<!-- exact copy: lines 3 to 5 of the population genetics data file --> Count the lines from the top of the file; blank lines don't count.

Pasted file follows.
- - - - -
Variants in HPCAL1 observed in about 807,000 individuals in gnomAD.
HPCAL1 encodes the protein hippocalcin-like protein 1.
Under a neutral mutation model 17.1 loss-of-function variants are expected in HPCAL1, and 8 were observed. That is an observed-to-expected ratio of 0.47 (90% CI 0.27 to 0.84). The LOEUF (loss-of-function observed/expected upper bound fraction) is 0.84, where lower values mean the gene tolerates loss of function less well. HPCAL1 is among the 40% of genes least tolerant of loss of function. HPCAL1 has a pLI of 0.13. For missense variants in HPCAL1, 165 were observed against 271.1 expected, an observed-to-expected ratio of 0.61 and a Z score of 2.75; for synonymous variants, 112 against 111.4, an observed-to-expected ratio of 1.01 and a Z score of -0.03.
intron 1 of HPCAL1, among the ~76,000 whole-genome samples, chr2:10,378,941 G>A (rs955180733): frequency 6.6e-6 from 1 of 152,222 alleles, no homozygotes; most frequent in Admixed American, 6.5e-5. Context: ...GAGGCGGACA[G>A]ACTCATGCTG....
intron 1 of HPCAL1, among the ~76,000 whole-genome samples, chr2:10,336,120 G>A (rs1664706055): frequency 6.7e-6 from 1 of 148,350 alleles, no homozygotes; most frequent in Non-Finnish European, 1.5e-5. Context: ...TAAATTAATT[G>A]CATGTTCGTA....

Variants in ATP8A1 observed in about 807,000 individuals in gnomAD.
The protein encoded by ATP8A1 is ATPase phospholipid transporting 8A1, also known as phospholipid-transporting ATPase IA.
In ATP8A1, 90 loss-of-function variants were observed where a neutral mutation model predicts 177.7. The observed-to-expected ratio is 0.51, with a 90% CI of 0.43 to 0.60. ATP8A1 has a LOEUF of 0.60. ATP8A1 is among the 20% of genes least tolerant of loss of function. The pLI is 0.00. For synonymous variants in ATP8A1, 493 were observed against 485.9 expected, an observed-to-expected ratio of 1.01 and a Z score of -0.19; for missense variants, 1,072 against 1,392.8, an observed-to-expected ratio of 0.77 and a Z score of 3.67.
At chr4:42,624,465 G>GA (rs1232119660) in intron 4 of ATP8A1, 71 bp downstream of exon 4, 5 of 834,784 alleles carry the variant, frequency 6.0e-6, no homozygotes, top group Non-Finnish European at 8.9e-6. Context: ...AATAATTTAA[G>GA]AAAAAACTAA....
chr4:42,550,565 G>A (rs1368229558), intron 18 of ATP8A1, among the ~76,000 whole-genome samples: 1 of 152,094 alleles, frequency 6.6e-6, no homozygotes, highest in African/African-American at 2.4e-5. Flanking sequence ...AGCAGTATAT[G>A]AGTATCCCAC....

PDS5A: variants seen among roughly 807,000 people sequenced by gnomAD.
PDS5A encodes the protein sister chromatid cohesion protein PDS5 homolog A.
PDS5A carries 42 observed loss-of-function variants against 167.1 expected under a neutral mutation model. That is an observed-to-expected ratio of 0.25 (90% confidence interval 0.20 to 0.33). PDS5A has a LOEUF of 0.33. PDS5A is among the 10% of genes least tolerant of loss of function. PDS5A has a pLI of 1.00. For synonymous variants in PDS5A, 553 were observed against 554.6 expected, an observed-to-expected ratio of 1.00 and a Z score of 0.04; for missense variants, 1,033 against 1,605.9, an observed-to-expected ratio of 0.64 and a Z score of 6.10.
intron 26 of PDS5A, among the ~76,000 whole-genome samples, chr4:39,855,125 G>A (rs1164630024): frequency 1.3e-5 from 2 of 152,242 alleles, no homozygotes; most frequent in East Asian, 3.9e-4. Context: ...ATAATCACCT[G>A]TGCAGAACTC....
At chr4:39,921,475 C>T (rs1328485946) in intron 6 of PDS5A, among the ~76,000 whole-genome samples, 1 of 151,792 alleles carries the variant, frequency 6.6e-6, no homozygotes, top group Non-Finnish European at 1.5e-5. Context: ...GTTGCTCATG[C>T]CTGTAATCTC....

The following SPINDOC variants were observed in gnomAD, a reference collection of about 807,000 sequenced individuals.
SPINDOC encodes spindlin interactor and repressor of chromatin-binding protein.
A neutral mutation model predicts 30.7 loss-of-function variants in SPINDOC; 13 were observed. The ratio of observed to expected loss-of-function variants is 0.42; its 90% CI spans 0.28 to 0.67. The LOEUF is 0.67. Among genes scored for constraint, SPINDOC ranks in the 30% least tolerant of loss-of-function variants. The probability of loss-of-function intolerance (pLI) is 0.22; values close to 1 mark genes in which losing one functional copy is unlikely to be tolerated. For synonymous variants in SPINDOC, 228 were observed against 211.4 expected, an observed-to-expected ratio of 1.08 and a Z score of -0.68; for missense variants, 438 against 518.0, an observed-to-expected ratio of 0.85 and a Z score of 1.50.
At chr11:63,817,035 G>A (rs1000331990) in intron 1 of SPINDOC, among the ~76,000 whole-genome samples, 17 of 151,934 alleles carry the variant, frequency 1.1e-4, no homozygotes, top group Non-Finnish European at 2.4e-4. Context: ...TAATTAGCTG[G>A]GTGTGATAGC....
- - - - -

Under a neutral mutation model 17.1 loss-of-function variants are expected in HPCAL1, and 8 were observed. That is an observed-to-expected ratio of 0.47 (90% CI 0.27 to 0.84). The LOEUF (loss-of-function observed/expected upper bound fraction) is 0.84, where lower values mean the gene tolerates loss of function less well. HPCAL1 is among the 40% of genes least tolerant of loss of function. HPCAL1 has a pLI of 0.13. For missense variants in HPCAL1, 165 were observed against 271.1 expected, an observed-to-expected ratio of 0.61 and a Z score of 2.75; for synonymous variants, 112 against 111.4, an observed-to-expected ratio of 1.01 and a Z score of -0.03.
intron 1 of HPCAL1, among the ~76,000 whole-genome samples, chr2:10,378,941 G>A (rs955180733): frequency 6.6e-6 from 1 of 152,222 alleles, no homozygotes; most frequent in Admixed American, 6.5e-5. Context: ...GAGGCGGACA[G>A]ACTCATGCTG....
intron 1 of HPCAL1, among the ~76,000 whole-genome samples, chr2:10,336,120 G>A (rs1664706055): frequency 6.7e-6 from 1 of 148,350 alleles, no homozygotes; most frequent in Non-Finnish European, 1.5e-5. Context: ...TAAATTAATT[G>A]CATGTTCGTA....